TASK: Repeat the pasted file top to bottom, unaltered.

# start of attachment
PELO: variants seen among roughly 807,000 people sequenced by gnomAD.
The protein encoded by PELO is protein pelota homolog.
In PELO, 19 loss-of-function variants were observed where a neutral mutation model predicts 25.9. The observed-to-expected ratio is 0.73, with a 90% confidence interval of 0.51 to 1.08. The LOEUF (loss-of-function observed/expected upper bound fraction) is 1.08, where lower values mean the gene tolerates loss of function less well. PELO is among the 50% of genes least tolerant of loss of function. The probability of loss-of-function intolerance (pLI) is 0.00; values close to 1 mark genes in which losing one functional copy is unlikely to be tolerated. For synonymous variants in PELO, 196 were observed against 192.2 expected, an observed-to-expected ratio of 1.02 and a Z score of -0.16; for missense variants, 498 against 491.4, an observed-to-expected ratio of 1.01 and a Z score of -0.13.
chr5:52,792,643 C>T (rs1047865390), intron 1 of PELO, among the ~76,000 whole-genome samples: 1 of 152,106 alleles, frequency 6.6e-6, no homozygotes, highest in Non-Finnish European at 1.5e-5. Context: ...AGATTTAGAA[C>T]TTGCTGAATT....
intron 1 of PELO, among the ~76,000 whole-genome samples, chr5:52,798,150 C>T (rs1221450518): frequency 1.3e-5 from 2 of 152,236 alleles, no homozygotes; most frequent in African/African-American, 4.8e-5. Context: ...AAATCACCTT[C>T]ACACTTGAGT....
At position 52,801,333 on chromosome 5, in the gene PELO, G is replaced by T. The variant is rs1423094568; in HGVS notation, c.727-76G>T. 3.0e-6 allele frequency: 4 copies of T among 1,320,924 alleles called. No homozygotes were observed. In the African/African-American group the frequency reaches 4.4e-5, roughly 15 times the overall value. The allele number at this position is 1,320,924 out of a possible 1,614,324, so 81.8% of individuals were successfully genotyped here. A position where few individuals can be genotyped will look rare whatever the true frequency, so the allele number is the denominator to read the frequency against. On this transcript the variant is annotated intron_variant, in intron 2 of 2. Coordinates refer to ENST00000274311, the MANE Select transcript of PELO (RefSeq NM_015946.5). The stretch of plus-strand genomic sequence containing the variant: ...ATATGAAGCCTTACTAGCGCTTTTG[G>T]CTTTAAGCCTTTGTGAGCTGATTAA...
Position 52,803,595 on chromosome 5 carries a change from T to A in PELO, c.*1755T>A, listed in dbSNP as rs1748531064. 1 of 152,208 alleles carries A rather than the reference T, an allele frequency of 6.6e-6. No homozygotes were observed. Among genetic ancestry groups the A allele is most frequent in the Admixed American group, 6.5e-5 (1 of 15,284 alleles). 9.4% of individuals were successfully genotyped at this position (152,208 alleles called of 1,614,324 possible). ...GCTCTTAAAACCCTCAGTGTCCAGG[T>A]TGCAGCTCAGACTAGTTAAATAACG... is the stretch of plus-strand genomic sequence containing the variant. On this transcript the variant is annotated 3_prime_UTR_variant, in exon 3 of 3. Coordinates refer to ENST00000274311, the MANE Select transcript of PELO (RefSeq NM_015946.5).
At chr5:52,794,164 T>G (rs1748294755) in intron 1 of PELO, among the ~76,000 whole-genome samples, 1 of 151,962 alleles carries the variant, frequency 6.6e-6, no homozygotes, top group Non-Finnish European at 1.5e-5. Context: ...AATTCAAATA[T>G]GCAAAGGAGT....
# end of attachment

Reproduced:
PELO: variants seen among roughly 807,000 people sequenced by gnomAD.
The protein encoded by PELO is protein pelota homolog.
In PELO, 19 loss-of-function variants were observed where a neutral mutation model predicts 25.9. The observed-to-expected ratio is 0.73, with a 90% confidence interval of 0.51 to 1.08. The LOEUF (loss-of-function observed/expected upper bound fraction) is 1.08, where lower values mean the gene tolerates loss of function less well. PELO is among the 50% of genes least tolerant of loss of function. The probability of loss-of-function intolerance (pLI) is 0.00; values close to 1 mark genes in which losing one functional copy is unlikely to be tolerated. For synonymous variants in PELO, 196 were observed against 192.2 expected, an observed-to-expected ratio of 1.02 and a Z score of -0.16; for missense variants, 498 against 491.4, an observed-to-expected ratio of 1.01 and a Z score of -0.13.
chr5:52,792,643 C>T (rs1047865390), intron 1 of PELO, among the ~76,000 whole-genome samples: 1 of 152,106 alleles, frequency 6.6e-6, no homozygotes, highest in Non-Finnish European at 1.5e-5. Context: ...AGATTTAGAA[C>T]TTGCTGAATT....
intron 1 of PELO, among the ~76,000 whole-genome samples, chr5:52,798,150 C>T (rs1221450518): frequency 1.3e-5 from 2 of 152,236 alleles, no homozygotes; most frequent in African/African-American, 4.8e-5. Context: ...AAATCACCTT[C>T]ACACTTGAGT....
At position 52,801,333 on chromosome 5, in the gene PELO, G is replaced by T. The variant is rs1423094568; in HGVS notation, c.727-76G>T. 3.0e-6 allele frequency: 4 copies of T among 1,320,924 alleles called. No homozygotes were observed. In the African/African-American group the frequency reaches 4.4e-5, roughly 15 times the overall value. The allele number at this position is 1,320,924 out of a possible 1,614,324, so 81.8% of individuals were successfully genotyped here. A position where few individuals can be genotyped will look rare whatever the true frequency, so the allele number is the denominator to read the frequency against. On this transcript the variant is annotated intron_variant, in intron 2 of 2. Coordinates refer to ENST00000274311, the MANE Select transcript of PELO (RefSeq NM_015946.5). The stretch of plus-strand genomic sequence containing the variant: ...ATATGAAGCCTTACTAGCGCTTTTG[G>T]CTTTAAGCCTTTGTGAGCTGATTAA...
Position 52,803,595 on chromosome 5 carries a change from T to A in PELO, c.*1755T>A, listed in dbSNP as rs1748531064. 1 of 152,208 alleles carries A rather than the reference T, an allele frequency of 6.6e-6. No homozygotes were observed. Among genetic ancestry groups the A allele is most frequent in the Admixed American group, 6.5e-5 (1 of 15,284 alleles). 9.4% of individuals were successfully genotyped at this position (152,208 alleles called of 1,614,324 possible). ...GCTCTTAAAACCCTCAGTGTCCAGG[T>A]TGCAGCTCAGACTAGTTAAATAACG... is the stretch of plus-strand genomic sequence containing the variant. On this transcript the variant is annotated 3_prime_UTR_variant, in exon 3 of 3. Coordinates refer to ENST00000274311, the MANE Select transcript of PELO (RefSeq NM_015946.5).
At chr5:52,794,164 T>G (rs1748294755) in intron 1 of PELO, among the ~76,000 whole-genome samples, 1 of 151,962 alleles carries the variant, frequency 6.6e-6, no homozygotes, top group Non-Finnish European at 1.5e-5. Context: ...AATTCAAATA[T>G]GCAAAGGAGT....